The Anglic Gene

An orphan girl unsure of who she is or why a man wants her dead carries a secret. She will experience humanity.

Are you ready?

Join Sophia in a heart thumping adventure across England set in the 1870’s, exploring faith, doubt, love and fear. A story, quoted by the editor as “really something special”, you’ll continue to contemplate long after the journey unfolds

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25. Powers

“I’m sorry, Master,” Jack said, on his knees in the basement of his Whitechapel home, awaiting the next strike. Apologizing was the best rebuttal he could conceive of. Not that Mephis comprehended the word sorry. Once again, Mephis informed him physically and verbally that he had failed his task to eliminate Sophia. He pondered how they could have escaped, but his mind failed to visualize any conceivable way.

Mephis wiped a spot of blood from the red ruby set in his golden ring. A moment before, in the course of smacking Jack’s left cheek with the back of his hand, the sharp-edged jewel sliced through Jack’s skin leaving behind a tattered red trail. “How hard can it possibly be to eliminate one girl?” Mephis said, circling around Jack. “I don’t ask for much, Jack, in exchange for your life, and yet you continually disappoint me.”

“To be fair, you tried to kill Sophia once yourself and failed,” Jack replied.

“Silence!” Mephis shouted, drawing back his hand as if to strike again.

Jack held up his hands, palms out, cowering, in front of his face anticipating another assault. He struggled with mixed feelings over the failure. Part of him felt somewhat relieved that Sophia and Anne had not died, especially directly or indirectly by his hands. The other part of him, which longed for healing to cheat death, regretted the situation. The pain from the several slaps across the face Mephis had administered was nothing compared to the jagged glass stabbing sensations he experienced every other minute from his gut. Each movement was like being forced to walk barefooted on a street laced with broken glass and gnarled metal, always wondering if the next shard would slash the tender flesh.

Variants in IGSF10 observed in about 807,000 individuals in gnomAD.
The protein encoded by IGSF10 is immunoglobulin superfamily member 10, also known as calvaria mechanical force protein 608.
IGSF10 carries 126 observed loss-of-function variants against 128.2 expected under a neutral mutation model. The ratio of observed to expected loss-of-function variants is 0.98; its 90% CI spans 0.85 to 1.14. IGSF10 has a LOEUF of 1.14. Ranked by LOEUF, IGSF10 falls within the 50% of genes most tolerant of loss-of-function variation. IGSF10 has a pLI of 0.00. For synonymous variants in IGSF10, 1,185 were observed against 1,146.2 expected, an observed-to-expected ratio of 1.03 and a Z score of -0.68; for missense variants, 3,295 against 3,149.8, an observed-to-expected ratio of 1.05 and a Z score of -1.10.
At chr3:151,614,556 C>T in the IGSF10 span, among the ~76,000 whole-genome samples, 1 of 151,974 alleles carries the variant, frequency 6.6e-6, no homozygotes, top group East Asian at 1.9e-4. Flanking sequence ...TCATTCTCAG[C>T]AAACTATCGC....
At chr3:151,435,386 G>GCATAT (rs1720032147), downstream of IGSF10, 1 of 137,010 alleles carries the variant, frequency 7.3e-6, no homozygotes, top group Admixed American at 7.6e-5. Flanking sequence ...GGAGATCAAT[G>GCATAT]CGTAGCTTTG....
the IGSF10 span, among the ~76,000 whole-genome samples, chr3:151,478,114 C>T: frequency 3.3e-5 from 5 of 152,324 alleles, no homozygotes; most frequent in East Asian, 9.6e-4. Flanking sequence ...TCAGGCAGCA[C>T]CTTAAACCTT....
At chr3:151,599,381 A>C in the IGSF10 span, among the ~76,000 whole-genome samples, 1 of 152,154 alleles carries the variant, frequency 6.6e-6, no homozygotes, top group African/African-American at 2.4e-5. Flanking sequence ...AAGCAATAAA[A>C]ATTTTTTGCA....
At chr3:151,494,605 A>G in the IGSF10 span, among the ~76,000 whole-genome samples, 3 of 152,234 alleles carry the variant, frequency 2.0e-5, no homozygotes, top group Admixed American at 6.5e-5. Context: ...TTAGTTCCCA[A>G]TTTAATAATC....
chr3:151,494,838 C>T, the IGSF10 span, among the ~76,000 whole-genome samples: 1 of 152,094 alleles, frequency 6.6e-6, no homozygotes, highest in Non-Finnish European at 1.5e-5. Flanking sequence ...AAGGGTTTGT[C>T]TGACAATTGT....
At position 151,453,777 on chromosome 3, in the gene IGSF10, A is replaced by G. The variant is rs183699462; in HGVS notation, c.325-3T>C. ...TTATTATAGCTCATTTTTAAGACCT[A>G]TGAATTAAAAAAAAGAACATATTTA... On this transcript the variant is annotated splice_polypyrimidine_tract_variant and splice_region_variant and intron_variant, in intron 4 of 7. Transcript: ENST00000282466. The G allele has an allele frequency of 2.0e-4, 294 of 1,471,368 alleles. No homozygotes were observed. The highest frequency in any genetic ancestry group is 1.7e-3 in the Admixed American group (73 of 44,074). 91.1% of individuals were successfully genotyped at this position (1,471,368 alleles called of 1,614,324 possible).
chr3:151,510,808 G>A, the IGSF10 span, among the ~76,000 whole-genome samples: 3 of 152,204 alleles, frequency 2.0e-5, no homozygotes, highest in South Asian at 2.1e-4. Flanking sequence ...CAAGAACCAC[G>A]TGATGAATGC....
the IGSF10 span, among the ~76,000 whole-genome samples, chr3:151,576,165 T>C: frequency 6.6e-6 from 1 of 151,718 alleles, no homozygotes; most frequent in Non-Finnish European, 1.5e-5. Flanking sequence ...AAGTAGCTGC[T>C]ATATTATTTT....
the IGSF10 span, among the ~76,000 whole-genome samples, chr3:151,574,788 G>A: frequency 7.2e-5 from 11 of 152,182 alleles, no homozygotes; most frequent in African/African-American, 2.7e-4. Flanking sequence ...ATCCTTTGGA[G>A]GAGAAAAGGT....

“You are lucky you are no good to me dead,” Mephis said as he placed his palm on Jack’s forehead. Red energy circled his hand building to a large sphere. Jack’s body convulsed, shaking back and forth, as two streaks of energy beamed from the ball of energy into his eyes.

Seconds later, Mephis raised his hand. Jack crumpled onto the ground. A sense of euphoria ran through Jack’s body as the internal pain dissipated. His tumors retreated, not gone but reduced in size. For now, forgetting the world around him, he curled up on the floor and enjoyed the moment of respite.

“See, Jack,” Mephis said. “I am a fair man.” He slipped into the chair behind his desk. “While you were gone, Jack, I discovered the location of an item that will help achieve my goals. We leave as soon as you manage to pick yourself up off the floor.”

* * *

Three hours later, they arrived by horse on the outer edge of West Norwood Cemetery. “Where now, Master?” Jack asked.

“The catacombs, Jack, the catacombs,” Mephis said, dismounting.

After a short walk, they came upon a weathered iron gate barring the entrance to a rectangular stone tomb. Behind the rusty bars, a set of stone stairs led underground. Mephis gave the gate a jerk and then a shove, which did little more than stir up some surrounding dust. He placed his index finger on the keyhole attached to the gate, and a moment later a bright red flash illuminated around the locking mechanism followed by a distinctive clunk. When he pushed the gate again, it opened, yelping like a dog after someone trod on its tail. “Come now, Jack, this should be fun.”